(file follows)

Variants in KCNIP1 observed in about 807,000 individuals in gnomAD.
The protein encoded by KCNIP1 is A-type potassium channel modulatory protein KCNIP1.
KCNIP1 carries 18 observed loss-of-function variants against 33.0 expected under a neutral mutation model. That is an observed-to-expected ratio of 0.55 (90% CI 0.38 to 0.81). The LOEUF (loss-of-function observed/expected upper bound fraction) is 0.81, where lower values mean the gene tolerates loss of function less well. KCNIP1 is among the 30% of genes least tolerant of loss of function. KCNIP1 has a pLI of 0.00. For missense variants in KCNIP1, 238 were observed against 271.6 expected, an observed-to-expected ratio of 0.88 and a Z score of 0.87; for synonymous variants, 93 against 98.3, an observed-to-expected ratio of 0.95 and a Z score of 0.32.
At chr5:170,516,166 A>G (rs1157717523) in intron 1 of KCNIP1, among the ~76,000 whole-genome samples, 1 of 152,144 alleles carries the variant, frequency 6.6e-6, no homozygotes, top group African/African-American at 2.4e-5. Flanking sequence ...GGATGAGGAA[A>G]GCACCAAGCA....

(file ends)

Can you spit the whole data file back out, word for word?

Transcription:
Variants in KCNIP1 observed in about 807,000 individuals in gnomAD.
The protein encoded by KCNIP1 is A-type potassium channel modulatory protein KCNIP1.
KCNIP1 carries 18 observed loss-of-function variants against 33.0 expected under a neutral mutation model. That is an observed-to-expected ratio of 0.55 (90% CI 0.38 to 0.81). The LOEUF (loss-of-function observed/expected upper bound fraction) is 0.81, where lower values mean the gene tolerates loss of function less well. KCNIP1 is among the 30% of genes least tolerant of loss of function. KCNIP1 has a pLI of 0.00. For missense variants in KCNIP1, 238 were observed against 271.6 expected, an observed-to-expected ratio of 0.88 and a Z score of 0.87; for synonymous variants, 93 against 98.3, an observed-to-expected ratio of 0.95 and a Z score of 0.32.
At chr5:170,516,166 A>G (rs1157717523) in intron 1 of KCNIP1, among the ~76,000 whole-genome samples, 1 of 152,144 alleles carries the variant, frequency 6.6e-6, no homozygotes, top group African/African-American at 2.4e-5. Flanking sequence ...GGATGAGGAA[A>G]GCACCAAGCA....